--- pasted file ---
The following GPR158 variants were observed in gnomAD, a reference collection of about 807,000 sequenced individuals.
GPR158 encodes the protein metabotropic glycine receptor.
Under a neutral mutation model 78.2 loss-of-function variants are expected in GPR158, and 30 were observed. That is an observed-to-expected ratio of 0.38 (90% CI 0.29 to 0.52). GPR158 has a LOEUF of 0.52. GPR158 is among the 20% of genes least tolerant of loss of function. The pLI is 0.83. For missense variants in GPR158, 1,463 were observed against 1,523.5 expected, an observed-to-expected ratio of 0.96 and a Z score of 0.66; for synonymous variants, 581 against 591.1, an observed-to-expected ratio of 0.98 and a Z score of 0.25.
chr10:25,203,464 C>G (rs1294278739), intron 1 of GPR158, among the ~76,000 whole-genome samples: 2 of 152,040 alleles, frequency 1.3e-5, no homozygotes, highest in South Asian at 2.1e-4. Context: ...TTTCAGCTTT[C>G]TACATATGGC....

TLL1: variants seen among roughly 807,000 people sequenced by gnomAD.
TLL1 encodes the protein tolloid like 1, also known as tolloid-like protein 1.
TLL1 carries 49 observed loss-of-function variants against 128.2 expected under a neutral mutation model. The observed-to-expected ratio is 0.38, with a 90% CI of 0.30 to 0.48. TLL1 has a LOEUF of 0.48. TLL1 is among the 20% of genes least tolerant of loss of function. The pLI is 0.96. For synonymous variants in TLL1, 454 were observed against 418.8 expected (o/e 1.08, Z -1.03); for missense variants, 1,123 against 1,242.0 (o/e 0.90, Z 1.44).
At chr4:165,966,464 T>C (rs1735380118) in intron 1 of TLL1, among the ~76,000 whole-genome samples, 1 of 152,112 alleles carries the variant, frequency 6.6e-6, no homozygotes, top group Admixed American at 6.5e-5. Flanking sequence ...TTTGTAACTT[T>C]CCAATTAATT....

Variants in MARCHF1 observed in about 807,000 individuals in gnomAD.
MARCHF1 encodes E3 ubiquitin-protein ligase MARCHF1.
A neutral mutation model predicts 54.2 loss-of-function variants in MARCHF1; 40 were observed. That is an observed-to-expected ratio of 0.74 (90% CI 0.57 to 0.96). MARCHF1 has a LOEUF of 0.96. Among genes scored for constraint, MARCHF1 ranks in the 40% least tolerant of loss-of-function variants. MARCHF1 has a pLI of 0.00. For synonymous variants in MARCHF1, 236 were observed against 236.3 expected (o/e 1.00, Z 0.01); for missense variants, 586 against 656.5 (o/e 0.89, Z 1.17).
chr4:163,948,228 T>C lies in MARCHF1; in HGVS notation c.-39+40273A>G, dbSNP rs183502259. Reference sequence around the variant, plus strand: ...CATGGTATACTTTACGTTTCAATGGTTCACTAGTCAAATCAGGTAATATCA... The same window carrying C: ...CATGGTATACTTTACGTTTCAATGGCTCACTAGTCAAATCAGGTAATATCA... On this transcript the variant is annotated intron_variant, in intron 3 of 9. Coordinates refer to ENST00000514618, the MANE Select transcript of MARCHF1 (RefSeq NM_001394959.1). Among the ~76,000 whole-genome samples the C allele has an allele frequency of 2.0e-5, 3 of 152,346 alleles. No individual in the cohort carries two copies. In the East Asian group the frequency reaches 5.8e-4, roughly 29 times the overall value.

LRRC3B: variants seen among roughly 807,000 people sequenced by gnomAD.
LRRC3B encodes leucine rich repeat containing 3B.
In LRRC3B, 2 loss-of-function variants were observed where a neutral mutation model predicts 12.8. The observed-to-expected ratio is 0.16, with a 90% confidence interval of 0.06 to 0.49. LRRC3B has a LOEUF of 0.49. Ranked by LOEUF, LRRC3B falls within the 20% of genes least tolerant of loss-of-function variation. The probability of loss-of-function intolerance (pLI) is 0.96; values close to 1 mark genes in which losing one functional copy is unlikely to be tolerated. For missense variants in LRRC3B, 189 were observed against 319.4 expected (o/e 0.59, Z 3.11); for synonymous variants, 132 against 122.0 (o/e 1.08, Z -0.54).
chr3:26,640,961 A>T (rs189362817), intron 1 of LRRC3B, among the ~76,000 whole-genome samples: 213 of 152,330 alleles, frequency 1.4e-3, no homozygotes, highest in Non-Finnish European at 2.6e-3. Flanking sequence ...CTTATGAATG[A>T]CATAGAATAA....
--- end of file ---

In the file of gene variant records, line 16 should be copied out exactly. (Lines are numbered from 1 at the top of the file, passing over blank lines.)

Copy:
chr3:26,640,961 A>T (rs189362817), intron 1 of LRRC3B, among the ~76,000 whole-genome samples: 213 of 152,330 alleles, frequency 1.4e-3, no homozygotes, highest in Non-Finnish European at 2.6e-3. Flanking sequence ...CTTATGAATG[A>T]CATAGAATAA....